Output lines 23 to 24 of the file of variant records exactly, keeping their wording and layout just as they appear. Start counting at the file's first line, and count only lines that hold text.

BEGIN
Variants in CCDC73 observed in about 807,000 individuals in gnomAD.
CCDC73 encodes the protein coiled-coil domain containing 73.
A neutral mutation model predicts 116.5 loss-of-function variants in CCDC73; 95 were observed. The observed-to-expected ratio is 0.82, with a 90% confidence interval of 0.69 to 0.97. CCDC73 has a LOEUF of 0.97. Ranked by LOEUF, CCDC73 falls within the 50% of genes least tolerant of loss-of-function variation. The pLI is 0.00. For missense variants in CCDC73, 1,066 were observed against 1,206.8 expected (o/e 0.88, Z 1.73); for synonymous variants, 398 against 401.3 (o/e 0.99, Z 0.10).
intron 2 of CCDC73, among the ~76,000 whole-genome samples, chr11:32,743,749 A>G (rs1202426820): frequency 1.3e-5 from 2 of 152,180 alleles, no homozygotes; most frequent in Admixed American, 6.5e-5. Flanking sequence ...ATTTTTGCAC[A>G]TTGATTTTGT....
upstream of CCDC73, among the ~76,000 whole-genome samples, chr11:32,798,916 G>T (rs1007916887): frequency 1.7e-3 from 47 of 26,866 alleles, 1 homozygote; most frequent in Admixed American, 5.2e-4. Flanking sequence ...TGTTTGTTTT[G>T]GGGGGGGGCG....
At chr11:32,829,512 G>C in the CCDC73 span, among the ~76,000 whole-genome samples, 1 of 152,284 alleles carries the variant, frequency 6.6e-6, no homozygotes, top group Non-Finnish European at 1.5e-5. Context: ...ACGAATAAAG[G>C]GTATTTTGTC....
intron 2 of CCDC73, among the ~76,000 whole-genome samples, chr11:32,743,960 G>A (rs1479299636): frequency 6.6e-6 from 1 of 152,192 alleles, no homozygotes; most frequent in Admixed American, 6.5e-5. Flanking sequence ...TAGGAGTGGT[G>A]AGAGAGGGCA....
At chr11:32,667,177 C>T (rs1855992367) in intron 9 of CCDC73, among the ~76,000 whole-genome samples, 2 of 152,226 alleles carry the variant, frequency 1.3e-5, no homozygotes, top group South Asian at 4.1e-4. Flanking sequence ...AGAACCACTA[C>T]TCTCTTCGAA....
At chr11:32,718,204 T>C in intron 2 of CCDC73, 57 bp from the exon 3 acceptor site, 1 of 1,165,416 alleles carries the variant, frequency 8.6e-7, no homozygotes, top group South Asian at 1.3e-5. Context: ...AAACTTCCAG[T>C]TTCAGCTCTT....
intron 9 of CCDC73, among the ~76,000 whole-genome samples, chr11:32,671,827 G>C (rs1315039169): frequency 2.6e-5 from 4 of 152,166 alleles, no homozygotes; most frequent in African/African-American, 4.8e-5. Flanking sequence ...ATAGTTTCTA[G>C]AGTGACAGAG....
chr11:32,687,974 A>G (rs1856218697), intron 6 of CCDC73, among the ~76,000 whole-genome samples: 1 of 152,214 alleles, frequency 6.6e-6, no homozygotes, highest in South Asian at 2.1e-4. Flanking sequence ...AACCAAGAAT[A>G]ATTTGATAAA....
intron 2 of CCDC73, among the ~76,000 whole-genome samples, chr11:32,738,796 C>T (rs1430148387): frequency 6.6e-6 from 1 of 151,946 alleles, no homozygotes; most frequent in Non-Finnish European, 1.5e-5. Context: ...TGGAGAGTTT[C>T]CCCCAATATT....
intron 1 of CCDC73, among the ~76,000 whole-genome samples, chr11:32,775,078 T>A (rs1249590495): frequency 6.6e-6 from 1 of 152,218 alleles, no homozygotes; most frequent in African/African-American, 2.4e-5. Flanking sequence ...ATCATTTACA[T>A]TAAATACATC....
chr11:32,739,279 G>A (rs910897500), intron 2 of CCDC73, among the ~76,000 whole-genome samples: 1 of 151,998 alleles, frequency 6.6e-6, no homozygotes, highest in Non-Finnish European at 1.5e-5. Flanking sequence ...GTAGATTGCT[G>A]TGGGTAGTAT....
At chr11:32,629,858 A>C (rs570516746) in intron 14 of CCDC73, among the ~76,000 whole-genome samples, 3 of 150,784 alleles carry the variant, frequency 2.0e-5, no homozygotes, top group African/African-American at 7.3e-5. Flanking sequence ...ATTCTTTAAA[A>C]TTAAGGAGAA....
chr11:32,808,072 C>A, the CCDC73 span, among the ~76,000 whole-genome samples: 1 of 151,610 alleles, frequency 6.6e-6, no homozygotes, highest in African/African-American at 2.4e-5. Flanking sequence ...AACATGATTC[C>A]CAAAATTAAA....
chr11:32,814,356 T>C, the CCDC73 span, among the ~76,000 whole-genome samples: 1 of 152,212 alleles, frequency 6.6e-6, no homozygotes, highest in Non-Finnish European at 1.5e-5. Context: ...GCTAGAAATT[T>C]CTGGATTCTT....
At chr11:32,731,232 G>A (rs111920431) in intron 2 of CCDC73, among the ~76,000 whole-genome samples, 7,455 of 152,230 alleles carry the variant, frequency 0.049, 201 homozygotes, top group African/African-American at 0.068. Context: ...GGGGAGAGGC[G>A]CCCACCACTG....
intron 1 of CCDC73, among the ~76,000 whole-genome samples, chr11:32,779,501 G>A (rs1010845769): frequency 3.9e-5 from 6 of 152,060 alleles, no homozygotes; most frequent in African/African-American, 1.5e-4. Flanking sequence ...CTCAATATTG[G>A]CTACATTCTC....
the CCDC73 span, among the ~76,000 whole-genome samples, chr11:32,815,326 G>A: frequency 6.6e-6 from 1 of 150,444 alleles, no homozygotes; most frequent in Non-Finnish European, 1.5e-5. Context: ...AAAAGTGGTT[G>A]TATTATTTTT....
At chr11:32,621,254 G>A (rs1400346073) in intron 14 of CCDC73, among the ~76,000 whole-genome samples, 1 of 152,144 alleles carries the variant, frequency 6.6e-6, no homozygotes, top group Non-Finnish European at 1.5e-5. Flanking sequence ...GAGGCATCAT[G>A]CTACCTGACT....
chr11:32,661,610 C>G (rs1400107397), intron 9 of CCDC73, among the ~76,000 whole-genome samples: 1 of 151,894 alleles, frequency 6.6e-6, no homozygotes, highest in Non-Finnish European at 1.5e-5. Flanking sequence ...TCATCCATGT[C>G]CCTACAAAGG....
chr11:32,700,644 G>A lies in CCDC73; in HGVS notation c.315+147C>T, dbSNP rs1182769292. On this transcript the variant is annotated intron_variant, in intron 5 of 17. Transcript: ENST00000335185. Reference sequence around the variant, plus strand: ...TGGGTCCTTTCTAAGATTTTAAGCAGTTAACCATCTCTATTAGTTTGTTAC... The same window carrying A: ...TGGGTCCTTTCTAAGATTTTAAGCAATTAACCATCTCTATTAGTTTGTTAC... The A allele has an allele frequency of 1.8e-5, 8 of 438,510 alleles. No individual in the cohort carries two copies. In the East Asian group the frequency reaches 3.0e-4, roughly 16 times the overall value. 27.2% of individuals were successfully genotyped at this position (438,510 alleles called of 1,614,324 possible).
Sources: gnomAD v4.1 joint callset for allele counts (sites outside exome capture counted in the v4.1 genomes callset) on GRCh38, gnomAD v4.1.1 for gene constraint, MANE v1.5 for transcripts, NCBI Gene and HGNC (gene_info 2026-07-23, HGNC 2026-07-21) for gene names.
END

chr11:32,700,644 G>A lies in CCDC73; in HGVS notation c.315+147C>T, dbSNP rs1182769292. On this transcript the variant is annotated intron_variant, in intron 5 of 17. Transcript: ENST00000335185. Reference sequence around the variant, plus strand: ...TGGGTCCTTTCTAAGATTTTAAGCAGTTAACCATCTCTATTAGTTTGTTAC... The same window carrying A: ...TGGGTCCTTTCTAAGATTTTAAGCAATTAACCATCTCTATTAGTTTGTTAC... The A allele has an allele frequency of 1.8e-5, 8 of 438,510 alleles. No individual in the cohort carries two copies. In the East Asian group the frequency reaches 3.0e-4, roughly 16 times the overall value. 27.2% of individuals were successfully genotyped at this position (438,510 alleles called of 1,614,324 possible).
Sources: gnomAD v4.1 joint callset for allele counts (sites outside exome capture counted in the v4.1 genomes callset) on GRCh38, gnomAD v4.1.1 for gene constraint, MANE v1.5 for transcripts, NCBI Gene and HGNC (gene_info 2026-07-23, HGNC 2026-07-21) for gene names.